In 1666 The Great Fire of London displaced many thousands of people: many of them were "re-housed" in St Giles. Over the next 100 years conditions deteriorated drastically: poorly built dwellings; slime and putrification; lack of sanitation; poverty; squalor; decay and despair. A community with no hope: "a danger and a problem to be eradicated".

A maze of narrow alleyways, shattered buildings, people crammed 10 to a room; with the general perception of the occupants by the authorities of them being "drunken, lazy, criminal and sexually promiscuous..."

Landlords callously profiteering from multiple sub-letting of shoddy tenements. A massive influx of immigrants exploited by greed. Compensation for the owners when their buildings were demolished, but the tenants were simply expected to disperse. To fucking where? "It was as if the authorities simply expected the poor to vanish into thin air".

Thousands coming to the city to find work, marvelling at the magnificent buildings of the rich, but ultimately finding themselves trapped in a London of darkness and desolation. But it was the discovery of gin which really fucked 'em up; the cheapest and quickest road to oblivion: Hogarth's 'Gin Lane'.

Then in 1834 Parliament passed the "Poor Law", one of the most disastrous pieces of legislation ever conceived. Benefits were abolished and applicants had to report to the "workhouse" to walk a treadmill, or the such, for food. Charles Dickens' "Oliver Twist"... when you need an armed escort to visit someone's house, you know it ain't the most desirable neighbourhood in town...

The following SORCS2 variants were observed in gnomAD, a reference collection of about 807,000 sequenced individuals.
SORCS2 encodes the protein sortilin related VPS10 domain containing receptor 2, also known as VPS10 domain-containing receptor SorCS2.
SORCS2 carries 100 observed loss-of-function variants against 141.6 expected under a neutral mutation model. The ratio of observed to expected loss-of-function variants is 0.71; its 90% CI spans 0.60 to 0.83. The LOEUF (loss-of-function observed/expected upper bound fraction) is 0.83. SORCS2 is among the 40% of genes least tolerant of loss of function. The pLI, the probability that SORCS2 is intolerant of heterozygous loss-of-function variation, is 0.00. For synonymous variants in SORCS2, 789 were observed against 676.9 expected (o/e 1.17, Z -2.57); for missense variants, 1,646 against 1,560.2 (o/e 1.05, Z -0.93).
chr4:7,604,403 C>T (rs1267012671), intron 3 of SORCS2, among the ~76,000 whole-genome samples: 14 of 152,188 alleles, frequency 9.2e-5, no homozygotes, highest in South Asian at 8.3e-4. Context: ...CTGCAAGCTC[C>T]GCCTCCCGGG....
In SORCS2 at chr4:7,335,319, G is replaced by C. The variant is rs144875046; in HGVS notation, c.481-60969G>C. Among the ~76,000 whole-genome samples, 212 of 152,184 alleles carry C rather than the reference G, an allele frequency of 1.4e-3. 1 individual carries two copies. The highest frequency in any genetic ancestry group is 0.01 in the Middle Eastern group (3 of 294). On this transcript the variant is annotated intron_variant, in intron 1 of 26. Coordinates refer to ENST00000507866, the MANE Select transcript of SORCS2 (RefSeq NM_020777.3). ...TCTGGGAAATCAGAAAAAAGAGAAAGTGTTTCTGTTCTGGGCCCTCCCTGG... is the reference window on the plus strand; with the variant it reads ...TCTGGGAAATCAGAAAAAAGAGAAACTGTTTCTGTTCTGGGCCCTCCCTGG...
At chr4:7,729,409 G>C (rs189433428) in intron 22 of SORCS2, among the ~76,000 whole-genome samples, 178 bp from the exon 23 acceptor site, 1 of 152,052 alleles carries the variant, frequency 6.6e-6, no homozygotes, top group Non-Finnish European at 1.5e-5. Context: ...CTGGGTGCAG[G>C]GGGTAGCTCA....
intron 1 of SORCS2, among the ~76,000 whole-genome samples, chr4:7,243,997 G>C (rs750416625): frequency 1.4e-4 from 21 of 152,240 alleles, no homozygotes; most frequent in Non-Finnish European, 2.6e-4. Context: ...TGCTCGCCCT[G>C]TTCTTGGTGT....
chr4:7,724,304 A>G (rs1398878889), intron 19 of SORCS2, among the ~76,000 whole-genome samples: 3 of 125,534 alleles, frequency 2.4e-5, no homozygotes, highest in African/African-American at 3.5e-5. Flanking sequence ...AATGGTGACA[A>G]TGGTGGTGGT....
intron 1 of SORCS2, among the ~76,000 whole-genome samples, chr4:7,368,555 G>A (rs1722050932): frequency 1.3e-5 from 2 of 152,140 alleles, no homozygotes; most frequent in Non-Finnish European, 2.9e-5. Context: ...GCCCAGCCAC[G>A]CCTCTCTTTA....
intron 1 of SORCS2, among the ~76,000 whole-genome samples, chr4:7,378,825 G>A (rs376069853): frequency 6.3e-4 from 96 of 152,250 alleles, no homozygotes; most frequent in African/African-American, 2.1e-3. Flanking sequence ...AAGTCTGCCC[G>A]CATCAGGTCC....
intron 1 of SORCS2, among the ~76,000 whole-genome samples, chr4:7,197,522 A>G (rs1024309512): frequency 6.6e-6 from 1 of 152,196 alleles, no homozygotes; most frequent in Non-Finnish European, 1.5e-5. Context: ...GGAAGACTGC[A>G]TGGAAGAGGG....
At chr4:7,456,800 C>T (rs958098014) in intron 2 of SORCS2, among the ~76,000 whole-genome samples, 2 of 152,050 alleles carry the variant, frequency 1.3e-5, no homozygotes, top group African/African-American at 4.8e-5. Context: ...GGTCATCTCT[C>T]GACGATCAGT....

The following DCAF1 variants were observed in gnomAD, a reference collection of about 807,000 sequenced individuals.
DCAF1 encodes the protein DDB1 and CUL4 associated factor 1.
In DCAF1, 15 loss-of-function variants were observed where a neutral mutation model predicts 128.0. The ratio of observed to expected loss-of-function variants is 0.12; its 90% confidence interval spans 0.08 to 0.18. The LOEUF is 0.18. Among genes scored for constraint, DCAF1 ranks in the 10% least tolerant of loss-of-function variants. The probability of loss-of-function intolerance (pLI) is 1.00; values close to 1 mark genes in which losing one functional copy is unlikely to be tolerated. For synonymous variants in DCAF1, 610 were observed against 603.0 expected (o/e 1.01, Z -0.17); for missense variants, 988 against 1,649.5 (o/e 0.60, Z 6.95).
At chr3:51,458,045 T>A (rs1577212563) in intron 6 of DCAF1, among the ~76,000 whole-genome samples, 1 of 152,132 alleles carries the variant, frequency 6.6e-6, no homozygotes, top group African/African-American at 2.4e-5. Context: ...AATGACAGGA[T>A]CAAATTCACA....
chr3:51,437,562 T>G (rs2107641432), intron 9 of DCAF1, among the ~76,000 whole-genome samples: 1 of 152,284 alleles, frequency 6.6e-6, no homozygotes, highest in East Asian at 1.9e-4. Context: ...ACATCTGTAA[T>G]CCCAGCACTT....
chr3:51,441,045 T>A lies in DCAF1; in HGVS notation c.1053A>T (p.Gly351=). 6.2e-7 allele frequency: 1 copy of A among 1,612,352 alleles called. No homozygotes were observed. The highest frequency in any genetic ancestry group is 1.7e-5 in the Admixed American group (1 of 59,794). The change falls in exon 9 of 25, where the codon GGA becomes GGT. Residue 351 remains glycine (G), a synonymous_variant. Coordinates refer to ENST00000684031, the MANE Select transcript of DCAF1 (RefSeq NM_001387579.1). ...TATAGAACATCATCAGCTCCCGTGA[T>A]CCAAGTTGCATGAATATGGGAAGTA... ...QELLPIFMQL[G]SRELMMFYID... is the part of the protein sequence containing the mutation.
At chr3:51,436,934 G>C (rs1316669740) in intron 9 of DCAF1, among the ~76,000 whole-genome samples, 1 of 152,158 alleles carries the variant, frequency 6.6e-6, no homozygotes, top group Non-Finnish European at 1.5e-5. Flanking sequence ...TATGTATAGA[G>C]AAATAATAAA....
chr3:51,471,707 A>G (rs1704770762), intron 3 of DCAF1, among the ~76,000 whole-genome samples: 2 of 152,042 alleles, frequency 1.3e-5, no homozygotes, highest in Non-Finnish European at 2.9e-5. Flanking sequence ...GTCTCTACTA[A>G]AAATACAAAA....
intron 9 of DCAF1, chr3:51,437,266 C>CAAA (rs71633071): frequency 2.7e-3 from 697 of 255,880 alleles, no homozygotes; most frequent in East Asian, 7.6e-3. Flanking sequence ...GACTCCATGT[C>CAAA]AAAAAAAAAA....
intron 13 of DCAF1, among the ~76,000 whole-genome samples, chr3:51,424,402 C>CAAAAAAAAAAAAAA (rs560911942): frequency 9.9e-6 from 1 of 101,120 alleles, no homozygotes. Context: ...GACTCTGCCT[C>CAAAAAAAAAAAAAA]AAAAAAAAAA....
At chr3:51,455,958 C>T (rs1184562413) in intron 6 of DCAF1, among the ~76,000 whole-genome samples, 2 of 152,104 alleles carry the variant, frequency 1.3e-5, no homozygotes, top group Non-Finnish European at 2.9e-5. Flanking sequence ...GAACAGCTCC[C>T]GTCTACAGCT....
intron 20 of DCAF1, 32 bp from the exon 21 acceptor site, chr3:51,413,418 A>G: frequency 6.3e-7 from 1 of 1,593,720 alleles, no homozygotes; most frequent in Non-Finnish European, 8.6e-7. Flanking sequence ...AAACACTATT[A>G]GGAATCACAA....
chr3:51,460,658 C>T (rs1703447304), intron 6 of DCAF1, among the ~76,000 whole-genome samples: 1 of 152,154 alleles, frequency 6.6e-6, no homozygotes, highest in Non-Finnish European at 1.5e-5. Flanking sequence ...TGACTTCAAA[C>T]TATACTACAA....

But by far the strangest stories came out of a ruin of a building on Dyott St: "Rat's Castle". Perhaps inspired by the lurid "penny dreadfuls", cheap pulp fiction aimed at working class adolescents; colourful and implausible rumours of kill-trained rats, revenges from beyond the grave, secret thief and beggar brotherhoods. Sweeney Todd and Varney the Vampire. Black Bess and The String of Pearls. Tales to entertain and thrill...

But, as always, there is light at the end of the tunnel. For your entertainment at the Fox this week: Thursday 13th we're proud to be hosting the Breed 77 and Generation Graveyard aftershow party; Friday 14th is club CRISIS and Saturday 15th brand new THE GUN CLUB... if you check out the calendar at www.intrepidfox.com you'll see they're all free for you lovely people...!!!

The Interpid Fox now has three weeks before it's eviction from it's home here on St Giles High Street. Every week we shall be posting a new statement around 5.00pm on the Tuesday. We ask our many friends out there to please share...

Always remember to never let the truth get in the way of a good story. Nothing is ever as it seems, but every word holds it's own secret... Some of the correlation between past and present can be seen: some may see a clue to our new venue held within our little trip through history...

Signing off for this week with two messages: to the alternative community Tchatcha-em-Ankh and to the grey motherfuckers of the corporations Khaibitu-em-Betu-Tuf...

(Main references: "Ragged London" by Michael Fitzgerald.)